Coronavirus stimulus must remain flexible


The Governor of the Central Bank of France, François Villeroy de Galhau, watches as he attends the annual meeting of the World Economic Forum (WEF) on January 26, 2018 in Davos.


The European Central Bank (ECB) should not have to take into account the size of a country’s economy when buying government bonds as part of its stimulus package, said a member of the central bank at CNBC.

The remarks of the Governor of the Banque de France, François Villeroy de Galhau, come after the German Constitutional Court said earlier this month that the ECB should keep this link to avoid the risk of market distortion.

The ECB has purchased large amounts of government bonds as part of its broader efforts to mitigate the economic fallout from the coronavirus crisis. Its pandemic emergency purchase program (PEPP), announced in March, will enable it to buy 750 billion euros ($ 818 billion) by the end of the year. However, the program is different from other bond buying initiatives, where the central bank links its monthly purchases to the size of a country’s economy.

Speaking to CNBC on Tuesday, de Galhau said the stimulus package should remain flexible.

“We are open to volume, we are open to the end date – which is linked to the end date of the Covid crisis, and in any case not before the end of this year. But more importantly, if we are to ensure the maximum effectiveness of PEPP, we should not be tied to capital keys, “he said.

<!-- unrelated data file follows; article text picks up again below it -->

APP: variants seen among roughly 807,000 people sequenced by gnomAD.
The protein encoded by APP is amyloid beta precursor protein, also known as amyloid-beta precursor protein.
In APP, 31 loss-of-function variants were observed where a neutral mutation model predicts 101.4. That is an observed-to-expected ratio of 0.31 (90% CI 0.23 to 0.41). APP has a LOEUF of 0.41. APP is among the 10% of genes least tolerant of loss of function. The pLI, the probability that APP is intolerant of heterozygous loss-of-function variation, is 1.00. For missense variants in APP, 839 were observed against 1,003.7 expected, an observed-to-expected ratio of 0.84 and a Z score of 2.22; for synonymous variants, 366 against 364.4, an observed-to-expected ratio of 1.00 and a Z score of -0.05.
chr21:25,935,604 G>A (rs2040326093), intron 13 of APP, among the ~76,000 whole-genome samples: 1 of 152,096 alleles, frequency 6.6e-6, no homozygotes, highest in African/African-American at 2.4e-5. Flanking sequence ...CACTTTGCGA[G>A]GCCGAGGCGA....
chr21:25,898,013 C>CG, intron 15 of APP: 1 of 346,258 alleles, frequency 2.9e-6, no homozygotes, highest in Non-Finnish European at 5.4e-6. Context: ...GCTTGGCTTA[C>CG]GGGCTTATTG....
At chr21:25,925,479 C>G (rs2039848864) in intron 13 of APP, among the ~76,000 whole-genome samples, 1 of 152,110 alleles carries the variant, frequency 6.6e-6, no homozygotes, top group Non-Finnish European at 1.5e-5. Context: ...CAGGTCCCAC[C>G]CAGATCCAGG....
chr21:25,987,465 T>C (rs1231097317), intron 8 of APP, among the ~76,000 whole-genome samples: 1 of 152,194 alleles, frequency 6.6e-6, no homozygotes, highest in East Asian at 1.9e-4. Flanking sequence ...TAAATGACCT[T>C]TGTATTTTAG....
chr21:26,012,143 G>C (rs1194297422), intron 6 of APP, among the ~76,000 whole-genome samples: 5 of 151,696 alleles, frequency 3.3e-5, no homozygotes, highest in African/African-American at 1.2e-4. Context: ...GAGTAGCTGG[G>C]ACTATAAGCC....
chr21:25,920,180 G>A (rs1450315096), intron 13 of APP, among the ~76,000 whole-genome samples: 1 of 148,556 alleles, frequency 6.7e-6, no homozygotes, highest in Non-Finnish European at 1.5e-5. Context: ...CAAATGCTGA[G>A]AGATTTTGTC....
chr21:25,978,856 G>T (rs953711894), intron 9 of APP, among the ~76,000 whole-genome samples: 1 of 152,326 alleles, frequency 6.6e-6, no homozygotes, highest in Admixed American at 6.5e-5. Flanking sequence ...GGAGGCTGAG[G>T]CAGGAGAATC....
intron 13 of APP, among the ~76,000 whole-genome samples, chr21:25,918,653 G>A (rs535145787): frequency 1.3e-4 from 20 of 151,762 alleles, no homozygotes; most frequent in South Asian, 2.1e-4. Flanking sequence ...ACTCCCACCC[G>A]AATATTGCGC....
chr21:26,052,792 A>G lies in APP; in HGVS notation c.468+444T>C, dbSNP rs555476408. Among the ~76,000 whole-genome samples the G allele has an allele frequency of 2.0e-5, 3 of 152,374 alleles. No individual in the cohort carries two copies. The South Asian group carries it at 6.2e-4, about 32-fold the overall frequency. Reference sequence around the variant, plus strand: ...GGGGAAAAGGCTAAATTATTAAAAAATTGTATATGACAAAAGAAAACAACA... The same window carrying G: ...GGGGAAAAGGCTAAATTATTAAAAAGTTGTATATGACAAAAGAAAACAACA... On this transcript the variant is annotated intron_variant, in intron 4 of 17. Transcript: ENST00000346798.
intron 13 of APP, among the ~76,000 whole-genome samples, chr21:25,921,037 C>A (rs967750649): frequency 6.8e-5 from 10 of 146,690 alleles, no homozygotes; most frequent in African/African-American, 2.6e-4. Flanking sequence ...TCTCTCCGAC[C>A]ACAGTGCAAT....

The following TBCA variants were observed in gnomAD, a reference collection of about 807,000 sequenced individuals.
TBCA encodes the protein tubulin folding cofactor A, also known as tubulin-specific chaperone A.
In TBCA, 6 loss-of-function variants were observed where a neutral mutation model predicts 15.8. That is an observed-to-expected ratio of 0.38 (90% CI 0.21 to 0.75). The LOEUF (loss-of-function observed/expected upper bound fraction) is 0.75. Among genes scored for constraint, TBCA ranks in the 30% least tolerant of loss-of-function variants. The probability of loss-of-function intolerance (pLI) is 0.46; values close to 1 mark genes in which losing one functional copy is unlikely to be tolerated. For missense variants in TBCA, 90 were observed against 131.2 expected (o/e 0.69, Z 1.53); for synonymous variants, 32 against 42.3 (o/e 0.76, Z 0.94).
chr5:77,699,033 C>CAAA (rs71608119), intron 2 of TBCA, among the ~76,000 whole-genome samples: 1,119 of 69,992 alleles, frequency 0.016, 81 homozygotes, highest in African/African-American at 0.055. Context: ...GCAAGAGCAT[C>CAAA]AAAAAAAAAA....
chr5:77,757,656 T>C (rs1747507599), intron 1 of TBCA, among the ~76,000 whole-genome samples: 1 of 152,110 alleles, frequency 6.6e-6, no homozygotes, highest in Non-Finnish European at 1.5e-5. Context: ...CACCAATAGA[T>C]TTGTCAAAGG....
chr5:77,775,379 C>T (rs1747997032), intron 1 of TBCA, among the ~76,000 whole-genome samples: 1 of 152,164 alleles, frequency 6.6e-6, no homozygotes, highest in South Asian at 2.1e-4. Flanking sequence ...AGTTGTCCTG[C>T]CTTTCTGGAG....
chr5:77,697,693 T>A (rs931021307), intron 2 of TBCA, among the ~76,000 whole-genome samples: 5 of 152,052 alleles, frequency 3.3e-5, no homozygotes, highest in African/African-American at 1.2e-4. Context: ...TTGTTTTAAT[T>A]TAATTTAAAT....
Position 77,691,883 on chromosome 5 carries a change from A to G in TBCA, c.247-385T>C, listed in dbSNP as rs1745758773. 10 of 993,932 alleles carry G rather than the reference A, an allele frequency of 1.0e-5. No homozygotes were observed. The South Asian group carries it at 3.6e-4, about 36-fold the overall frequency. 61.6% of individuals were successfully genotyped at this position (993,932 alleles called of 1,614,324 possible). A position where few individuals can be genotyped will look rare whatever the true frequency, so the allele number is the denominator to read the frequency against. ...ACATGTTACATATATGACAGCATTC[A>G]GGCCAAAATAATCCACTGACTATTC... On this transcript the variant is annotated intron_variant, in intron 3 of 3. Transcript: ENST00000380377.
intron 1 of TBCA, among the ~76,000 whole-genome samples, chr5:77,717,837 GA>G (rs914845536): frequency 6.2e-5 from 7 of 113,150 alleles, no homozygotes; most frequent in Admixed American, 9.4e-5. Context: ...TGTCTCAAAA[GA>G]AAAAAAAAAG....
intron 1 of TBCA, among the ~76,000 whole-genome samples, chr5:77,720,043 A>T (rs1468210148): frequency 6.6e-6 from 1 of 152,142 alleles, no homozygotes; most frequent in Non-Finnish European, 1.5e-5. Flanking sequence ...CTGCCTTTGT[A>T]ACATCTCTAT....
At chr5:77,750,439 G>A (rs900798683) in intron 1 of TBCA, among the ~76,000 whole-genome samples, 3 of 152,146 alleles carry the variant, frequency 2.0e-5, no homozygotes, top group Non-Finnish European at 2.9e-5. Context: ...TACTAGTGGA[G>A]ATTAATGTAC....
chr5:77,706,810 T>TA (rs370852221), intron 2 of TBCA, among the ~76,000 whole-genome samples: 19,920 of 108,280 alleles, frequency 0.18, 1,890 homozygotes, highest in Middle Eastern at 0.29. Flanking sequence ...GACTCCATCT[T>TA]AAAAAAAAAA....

“Some central banks should be able to buy more and others should be able to buy less. If that is necessary to prevent unjustified fragmentation, unjustified market dynamics or liquidity gaps that we may have in the market. ”

The German court decision concerned a separate stimulus program from the ECB.

De Galhau’s comments follow a speech on Monday in which he said the ECB will likely have to do more to keep the eurozone afloat.

In addition to the ECB’s stimulus package, European governments are also working on additional plans to support the region as it faces the deepest crisis since the 1930s.


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